I was called Bossy too…

The UN has launched a new campaign for feminism, called HeForShe, to try and inspire men to level the playing field. At least, I think that’s what it’s for. The coverage has focused rather more on Emma Watson, what she wore, and what she said at the launch of this campaign as its Goodwill Ambassador.

Apparently, she faced sex-discrimination aged 8 because she wanted to direct the school play. She was called bossy. I know.

Except. I remember being told I was bossy (or rather ‘bosy’), aged about ten. The person saying so was, indeed, a boy in my class. He was two years younger than I was. The teacher, naturally perhaps, took exception to this. He (probably) meant it as an insult: it was an exercise in being nice to one another and we had to write down one nice thing about everyone else in the class.

I’d like to say that this devastated me and I thereafter did my best to conform or that it turned me into an avenging feminist. But apart from sneering at the spelling, I actually took it as a compliment, even though I knew it wasn’t supposed to be. It certainly never crossed my mind that I was being branded bossy because I was a girl. I equated it with being in charge, and that being a good thing, even if the other kids didn’t see it like that.

Anyway, according to the HeForShe website, it’s a campaign to commit all men to “take action against all forms of violence and discrimination faced by women and girls”. An admiral campaign, one might think.

But men face violence and discrimination, too. Where is the campaign to end that?

There is talk of quotas, to get more women into certain jobs. All you women out there, do you want to be a box-tick, or chosen because you deserve the job and can do it not only well, but better than the men available? And how is it fair to the men if there happens to be a better-qualified or more capable man available, but he can’t have the job based solely on the fact of his gender? Is that not discrimination? Something which us women are fighting so hard to get rid of that we’re enlisting our menfolk to help.

How about (radical idea coming up here) instead of ending violence and discrimination towards women, we just end violence and discrimination? It doesn’t matter who is experiencing it, it is simply Not Nice Behaviour (in one’s best Lady Catherine-from-the-BBC voice). It is not something which any civilised society should condone, even so-called ‘positive discrimination’.

And let the best person have the job. Because if it’s worth doing, it’s worth doing well, and why would you want to employ the second-best person, just because of their gender?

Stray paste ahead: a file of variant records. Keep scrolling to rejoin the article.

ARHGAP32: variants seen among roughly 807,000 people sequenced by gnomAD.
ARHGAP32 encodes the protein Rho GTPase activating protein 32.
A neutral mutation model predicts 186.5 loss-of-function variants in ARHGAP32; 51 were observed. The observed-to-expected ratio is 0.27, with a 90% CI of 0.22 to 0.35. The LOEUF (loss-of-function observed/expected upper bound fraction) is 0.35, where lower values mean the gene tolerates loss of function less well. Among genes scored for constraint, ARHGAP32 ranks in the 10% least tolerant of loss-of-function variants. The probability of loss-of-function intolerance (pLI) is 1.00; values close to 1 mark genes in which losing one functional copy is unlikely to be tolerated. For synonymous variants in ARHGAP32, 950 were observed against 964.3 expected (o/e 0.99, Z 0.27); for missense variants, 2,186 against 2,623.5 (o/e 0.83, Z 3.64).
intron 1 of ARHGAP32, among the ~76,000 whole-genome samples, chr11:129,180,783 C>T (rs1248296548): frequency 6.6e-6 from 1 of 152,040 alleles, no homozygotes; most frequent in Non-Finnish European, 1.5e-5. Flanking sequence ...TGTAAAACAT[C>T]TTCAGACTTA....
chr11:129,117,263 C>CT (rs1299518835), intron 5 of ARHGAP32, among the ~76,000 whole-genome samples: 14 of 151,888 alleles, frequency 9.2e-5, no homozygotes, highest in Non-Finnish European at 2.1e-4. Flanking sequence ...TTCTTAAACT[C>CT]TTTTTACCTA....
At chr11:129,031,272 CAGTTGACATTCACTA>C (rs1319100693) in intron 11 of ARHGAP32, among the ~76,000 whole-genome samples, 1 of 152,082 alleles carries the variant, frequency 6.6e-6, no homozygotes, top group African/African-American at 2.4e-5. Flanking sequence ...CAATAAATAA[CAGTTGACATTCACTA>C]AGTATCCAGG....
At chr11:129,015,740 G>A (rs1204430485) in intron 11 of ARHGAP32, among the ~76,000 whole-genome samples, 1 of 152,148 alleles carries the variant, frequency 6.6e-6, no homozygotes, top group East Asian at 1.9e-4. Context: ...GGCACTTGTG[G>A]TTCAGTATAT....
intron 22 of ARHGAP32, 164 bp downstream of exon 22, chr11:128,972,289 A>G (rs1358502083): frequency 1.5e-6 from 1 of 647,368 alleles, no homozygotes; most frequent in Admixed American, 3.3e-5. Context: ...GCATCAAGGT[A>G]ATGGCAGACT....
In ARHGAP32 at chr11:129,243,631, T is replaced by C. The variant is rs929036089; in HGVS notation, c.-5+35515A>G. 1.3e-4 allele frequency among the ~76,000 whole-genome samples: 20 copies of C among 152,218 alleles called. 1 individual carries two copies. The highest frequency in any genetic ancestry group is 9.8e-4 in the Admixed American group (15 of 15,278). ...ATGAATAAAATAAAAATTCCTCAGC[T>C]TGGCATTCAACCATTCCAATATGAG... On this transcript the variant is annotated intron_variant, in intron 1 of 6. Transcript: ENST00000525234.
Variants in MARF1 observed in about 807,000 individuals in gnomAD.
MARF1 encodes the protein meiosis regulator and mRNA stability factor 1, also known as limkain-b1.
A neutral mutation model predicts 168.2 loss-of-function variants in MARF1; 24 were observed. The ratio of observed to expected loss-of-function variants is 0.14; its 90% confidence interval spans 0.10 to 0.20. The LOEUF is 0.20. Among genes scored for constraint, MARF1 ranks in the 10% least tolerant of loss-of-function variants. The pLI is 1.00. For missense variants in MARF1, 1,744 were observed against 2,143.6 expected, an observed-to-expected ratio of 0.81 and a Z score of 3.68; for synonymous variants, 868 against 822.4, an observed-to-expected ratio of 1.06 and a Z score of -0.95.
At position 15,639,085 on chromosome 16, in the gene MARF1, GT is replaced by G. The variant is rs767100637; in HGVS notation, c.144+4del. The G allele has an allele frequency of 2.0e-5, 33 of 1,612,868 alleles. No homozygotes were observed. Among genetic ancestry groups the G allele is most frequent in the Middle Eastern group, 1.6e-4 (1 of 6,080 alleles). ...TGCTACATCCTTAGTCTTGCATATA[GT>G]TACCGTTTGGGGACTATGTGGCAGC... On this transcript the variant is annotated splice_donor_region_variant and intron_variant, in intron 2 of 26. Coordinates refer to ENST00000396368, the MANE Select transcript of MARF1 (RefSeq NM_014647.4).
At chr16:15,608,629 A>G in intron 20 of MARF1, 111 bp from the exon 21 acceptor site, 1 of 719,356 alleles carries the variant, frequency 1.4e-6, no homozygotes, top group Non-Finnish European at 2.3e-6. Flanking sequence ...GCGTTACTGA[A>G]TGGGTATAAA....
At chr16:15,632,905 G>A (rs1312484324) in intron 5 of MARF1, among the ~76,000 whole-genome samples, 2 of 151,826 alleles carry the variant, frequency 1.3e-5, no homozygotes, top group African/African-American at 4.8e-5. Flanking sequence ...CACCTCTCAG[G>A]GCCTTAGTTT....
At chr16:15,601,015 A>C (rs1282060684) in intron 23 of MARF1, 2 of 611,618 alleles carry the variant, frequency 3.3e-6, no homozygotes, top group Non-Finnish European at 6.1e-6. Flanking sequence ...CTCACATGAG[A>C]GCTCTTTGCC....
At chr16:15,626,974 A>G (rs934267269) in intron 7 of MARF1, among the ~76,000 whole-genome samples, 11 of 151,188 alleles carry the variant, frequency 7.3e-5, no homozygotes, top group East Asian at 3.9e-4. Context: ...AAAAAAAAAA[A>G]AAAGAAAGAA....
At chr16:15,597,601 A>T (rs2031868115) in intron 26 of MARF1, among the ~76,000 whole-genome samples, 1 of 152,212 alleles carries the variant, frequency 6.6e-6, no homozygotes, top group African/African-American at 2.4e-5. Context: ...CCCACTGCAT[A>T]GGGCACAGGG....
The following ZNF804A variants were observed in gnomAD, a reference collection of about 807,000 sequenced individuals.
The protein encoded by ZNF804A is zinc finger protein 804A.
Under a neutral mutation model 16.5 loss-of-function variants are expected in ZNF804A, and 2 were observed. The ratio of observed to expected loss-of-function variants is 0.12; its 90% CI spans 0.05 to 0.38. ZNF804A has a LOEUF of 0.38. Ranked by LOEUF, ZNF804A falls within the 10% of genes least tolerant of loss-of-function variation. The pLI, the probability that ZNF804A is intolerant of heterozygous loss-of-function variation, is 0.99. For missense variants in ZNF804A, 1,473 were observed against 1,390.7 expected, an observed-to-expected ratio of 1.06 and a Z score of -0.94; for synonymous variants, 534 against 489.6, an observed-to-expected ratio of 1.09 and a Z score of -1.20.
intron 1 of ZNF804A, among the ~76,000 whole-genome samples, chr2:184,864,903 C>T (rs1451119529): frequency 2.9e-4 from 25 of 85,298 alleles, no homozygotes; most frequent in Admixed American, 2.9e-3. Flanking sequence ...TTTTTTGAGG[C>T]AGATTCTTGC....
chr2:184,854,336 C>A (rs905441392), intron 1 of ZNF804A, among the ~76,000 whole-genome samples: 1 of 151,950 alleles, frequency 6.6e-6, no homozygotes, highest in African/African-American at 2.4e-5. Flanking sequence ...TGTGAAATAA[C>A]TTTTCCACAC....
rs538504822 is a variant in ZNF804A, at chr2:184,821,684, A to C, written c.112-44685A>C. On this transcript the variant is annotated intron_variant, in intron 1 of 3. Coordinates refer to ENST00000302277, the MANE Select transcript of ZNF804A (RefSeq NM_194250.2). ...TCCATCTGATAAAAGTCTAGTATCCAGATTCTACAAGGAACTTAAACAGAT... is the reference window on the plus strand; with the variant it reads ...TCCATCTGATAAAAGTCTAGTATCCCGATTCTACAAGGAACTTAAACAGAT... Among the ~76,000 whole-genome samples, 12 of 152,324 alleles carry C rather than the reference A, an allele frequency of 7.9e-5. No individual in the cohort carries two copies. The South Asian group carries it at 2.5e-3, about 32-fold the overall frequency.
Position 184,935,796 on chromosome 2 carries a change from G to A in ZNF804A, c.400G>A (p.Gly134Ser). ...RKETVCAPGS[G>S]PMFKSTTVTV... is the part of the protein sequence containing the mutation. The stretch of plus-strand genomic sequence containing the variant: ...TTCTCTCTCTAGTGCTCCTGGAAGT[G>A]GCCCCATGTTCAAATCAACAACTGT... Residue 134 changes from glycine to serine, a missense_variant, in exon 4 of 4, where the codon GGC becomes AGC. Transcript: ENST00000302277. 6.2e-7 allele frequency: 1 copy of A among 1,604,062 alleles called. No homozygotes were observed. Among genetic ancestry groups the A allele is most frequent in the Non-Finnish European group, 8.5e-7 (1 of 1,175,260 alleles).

The Last of the Mitfords

I had planned to write something “proper” today. But I was knocked for six by the news that Deborah Cavendish, the Dowager Duchess of Devonshire, has died, aged 94. The youngest Mitford, she was the last of her generation.

I didn’t know the Dowager Duchess, but I feel kind of like I do. I adore her sister Nancy’s books and have been fascinated by the Mitford sisters’ exploits since I was young, as a result of reading those novels.


I read Deborah’s memoir Wait for Me a few years ago; it’s clear that Nancy was not the only wit in that family.

I’m not going to write an obituary – I’ll leave that to the people who knew her best. All I will say is: Rest in Peace.

Needles, Earrings, and Colourful Threads

It’s funny how ideas catch hold. I’ve been planning this little spat of creativity for a while – a month or two, actually – and have only just got around to making it, which has also taken longer than it should have done. I did think, before I made it, that if it went well, that’s what all the girls I know would be getting for Christmas, but oof! The effort! So maybe, maybe not.

Anyway, this little idea was an earring book – but I find I haven’t much to say, except: Look! Sure it could be better, but still! Look! And isn’t the hedgehog cute?

I got the idea from Amazon, wDSCN0201hich sells polka dot ones for about £20, and I thought I could make one for less, given the vast amount of fabric I have sitting around. I missed the fact that I then decided I ought to stiffen the pages with aida. And, having discovered a company called Mouseloft which makes tiddly cross-stitch sets (perfect for those of us who aren’t so good at maintaining the interest to do a big one; they only take an evening), I chose to get one for the cover. But it still all cost less than the Amazon one. Well, apart from my time.

DSCN0202I thought it would take up less space than all my boxes of earrings. A nice idea, in theory. Except it turns out most of my earrings weren’t in boxes anyway, and I need to make another one for my necklaces, which are. Oh well!

Then I might do a travel one, with a page for earrings and pages with little pouches for necklaces and bracelets and rings.

And goodness, suddenly I have stuff to say about it!

And Repeat

One of the worst things about working in a shop is having to listen, over and over again, to music which someone else has chosen. And rarely is it good music.

Now, I’m usually fortunate in that I actually don’t listen closely to music. If it’s on, it’s on in the background and I largely ignore it. This means that every so often I’ll hear a snatch of the song and wonder if the CD’s been changed because I don’t remember hearing it before. It’ll still be the CD we’ve had all year.